Letter to a Nation That Believes in Free Will

Revising Sam Harris’s Letter to a Christian Nation to propagate free will skepticism…

You believe in free will.  You believe that you have the freedom to choose.  Every time you make a choice, you believe you consciously decide the course that your life is going to take.  You believe you are the conscious author of your thoughts and intentions.  As a believer in free will, you believe these propositions not because they make you feel good, but because you think they are true.  Before I point out some of the problems with these beliefs, I would like to acknowledge that there are many points on which you and I agree. We agree, for instance, that if one of us is right, the other is wrong.  You have the freedom to choose or your don’t.  You are constantly consciously deciding the course that your life is going to take or you are not.  We agree that to be a true believer in free will that all free will skeptics are mistaken, and profoundly so.  If believers in free will are correct, and I persist in my unbelief, I should expect to suffer derision for the rest of my days.  Worse still, I have persuaded others, some close to me, to reject the very idea of free will.  They too will languish in contempt.  If the basic doctrine of the belief in free will is correct, I am misusing my time in a wasteful way.  I admit this without a single caveat.  The fact that my continuous and public rejection of free will since the end of 2015 does not worry me in the least should suggest to you just how inadequate I think your reasons for being a believer  in  free  will  are.  

To be continued…

Sharing the genius of Einstein with the inspiring mental health advocate Rudy Caseres

Screen Shot 2017-01-16 at 9.26.00 AMRudy Caseres is an inspiring mental health advocate that I am grateful to know through social media.  He champions ideas in his work aimed at reducing the suffering of others.  He posted something on his Facebook page yesterday about being compelled to delete a previous post because of abusive, bullying comments made by someone.

I was compelled to write the following to Rudy as a result.

“I do not believe in free will. Schopenhauer’s words: ‘Man can do what he wants, but he cannot will what he wills,’ accompany me in all situations throughout my life and reconcile me with the actions of others, even if they are rather painful to me. This awareness of the lack of free will keeps me from taking myself and my fellow men too seriously as acting and deciding individuals, and from losing my temper.”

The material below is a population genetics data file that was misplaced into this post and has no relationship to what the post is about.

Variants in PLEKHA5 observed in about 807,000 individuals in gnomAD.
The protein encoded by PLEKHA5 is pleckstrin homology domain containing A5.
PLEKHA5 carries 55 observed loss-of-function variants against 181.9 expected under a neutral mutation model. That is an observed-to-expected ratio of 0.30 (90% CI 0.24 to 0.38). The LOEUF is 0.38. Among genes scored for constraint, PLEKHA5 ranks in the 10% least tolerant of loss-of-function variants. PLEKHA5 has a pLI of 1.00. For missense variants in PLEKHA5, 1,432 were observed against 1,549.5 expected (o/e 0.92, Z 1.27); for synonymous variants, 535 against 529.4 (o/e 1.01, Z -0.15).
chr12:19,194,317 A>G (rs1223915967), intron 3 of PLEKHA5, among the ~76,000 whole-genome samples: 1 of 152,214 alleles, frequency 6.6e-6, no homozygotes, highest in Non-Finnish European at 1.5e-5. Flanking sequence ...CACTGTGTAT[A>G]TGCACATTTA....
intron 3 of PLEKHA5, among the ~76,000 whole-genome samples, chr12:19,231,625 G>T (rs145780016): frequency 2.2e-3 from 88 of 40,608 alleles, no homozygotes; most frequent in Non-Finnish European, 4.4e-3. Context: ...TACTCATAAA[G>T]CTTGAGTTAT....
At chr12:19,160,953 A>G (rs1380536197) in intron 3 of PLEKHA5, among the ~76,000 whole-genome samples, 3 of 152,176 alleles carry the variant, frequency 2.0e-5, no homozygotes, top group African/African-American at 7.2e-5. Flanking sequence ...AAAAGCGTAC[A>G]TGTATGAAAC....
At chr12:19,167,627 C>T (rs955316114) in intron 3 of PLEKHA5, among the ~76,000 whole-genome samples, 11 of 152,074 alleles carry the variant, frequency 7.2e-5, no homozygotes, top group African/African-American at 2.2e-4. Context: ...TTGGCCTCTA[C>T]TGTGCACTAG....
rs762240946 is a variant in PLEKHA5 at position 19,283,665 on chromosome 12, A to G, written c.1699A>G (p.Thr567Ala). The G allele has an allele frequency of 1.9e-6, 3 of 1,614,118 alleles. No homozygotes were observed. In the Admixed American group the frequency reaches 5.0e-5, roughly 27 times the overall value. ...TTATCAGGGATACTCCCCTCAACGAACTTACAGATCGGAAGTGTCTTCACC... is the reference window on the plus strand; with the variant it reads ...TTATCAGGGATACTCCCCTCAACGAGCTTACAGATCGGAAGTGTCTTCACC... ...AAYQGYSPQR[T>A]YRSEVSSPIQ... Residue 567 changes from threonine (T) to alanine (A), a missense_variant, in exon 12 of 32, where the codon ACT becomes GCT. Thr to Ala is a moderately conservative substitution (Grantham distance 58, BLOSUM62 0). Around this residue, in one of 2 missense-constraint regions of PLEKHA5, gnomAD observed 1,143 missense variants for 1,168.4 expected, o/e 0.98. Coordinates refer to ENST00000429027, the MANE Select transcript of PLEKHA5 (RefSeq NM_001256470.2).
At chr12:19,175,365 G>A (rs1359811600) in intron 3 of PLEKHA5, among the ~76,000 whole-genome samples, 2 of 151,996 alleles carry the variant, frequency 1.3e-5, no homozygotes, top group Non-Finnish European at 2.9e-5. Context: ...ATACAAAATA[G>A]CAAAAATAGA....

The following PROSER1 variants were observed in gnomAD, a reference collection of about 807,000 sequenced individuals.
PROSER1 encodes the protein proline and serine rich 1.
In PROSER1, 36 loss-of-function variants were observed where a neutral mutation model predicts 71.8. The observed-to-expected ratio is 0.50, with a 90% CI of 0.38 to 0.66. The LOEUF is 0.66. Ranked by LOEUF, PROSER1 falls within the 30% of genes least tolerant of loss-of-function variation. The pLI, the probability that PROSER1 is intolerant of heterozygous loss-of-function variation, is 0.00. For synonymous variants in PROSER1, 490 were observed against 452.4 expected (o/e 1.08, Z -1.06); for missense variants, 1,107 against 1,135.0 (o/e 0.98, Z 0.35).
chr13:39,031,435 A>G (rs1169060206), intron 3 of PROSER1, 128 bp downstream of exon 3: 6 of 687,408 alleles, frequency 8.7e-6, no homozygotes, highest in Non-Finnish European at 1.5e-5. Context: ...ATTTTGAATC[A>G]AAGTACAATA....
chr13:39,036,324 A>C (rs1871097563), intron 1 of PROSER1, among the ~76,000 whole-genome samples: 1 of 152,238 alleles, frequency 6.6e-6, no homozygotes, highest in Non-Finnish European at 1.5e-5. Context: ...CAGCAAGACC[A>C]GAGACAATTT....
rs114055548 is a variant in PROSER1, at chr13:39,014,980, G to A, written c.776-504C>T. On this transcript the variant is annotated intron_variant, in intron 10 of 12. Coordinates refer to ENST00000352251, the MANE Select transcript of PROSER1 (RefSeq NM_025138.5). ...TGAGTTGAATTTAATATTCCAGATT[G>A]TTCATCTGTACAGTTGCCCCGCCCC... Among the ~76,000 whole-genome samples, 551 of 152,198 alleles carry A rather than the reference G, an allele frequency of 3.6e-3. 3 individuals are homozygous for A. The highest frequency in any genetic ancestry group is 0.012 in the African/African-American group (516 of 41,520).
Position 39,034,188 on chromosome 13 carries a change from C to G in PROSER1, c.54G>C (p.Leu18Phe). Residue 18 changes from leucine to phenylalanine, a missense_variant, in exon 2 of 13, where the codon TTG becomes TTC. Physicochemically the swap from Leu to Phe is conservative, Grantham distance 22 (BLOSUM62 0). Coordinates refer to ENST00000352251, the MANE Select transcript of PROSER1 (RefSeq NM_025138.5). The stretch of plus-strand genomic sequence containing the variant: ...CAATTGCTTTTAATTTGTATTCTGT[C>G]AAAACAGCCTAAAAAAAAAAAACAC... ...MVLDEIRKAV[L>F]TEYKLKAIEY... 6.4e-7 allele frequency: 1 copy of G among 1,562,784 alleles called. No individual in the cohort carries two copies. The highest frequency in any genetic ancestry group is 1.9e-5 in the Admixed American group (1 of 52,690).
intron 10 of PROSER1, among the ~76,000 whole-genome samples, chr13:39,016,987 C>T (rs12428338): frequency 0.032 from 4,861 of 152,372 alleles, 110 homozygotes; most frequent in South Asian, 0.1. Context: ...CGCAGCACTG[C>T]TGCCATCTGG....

Albert Einstein   

A huge lightbulb went off for me in October of 2015 thanks to a talk that Sam Harris (author and neuroscientist) gave at the Festival of Dangerous Ideas back in 2012 about free will.  I don’t believe that you, me, anyone that is writing abusive things on your FB page, or any other human being has conscious control over the next thought that pops into their head.  Like Einstein (thanks primarily to Sam Harris) I don’t believe that anyone has control of their will.  

I champion your right to be the cause of the effect(s) that you wish to see in the world (like blocking abusive people from your FB page) while also believing that no one is the conscious author of their thoughts.  As a result, I think it’s unreasonable to see people as deeply/completely/morally responsible for what they say and do. I believe this while simultaneously thinking that, for practical purposes, every human being must be held legally responsible for their actions 100% of the time.  

People don’t create themselves as they are.  Rather, people are the product of their biology and every experience that they have ever had.  No one has a scintilla of control over who their parents are, over the genes they inherited.  You and I have as much control over the microstructure of our brains as we do our height.  

Hopefully banning people trolling you will be the cause of a new effect for that person, i.e., your action could cause different thoughts to pop into that person’s head, leading them to take different actions.  My point, thanks to the genius of Einstein, Sam Harris, Bruce Hood, the Buddha, etc. is that I think it’s unreasonable to blame someone for being how they are being.  

Reading Sam’s book Free Will and watching the talk I already mentioned back in 2015 transformed my beliefs about the human condition.  I am unequivocally more compassionate as a result.  When you genuinely don’t believe in free will, forgiveness becomes almost a nonsensical idea.  With no reason to “blame” anyone for anything they do, there is no reason to forgive them.  As you noted at the end of your post, there is always room to be loving and helpful to everyone while trying to cause the world to be the way you are compelled to want it to be.  

I think Albert Einstein, one of the most insightful humans to ever live, gave humanity a key to unlock inner peace (and world peace too!) with his vision of the human condition.  I share these thoughts with you in the hope that you will have more peace when someone does something that compels you to become upset.

I haven’t been following you for long Rudy, but you are an inspiration.  I appreciate you, and I’m grateful that I came to know that you exist.  You too have helped to cause me to be how I am.

I encourage you to check out Sam’s talk when you have a chance.

Best,

Francesco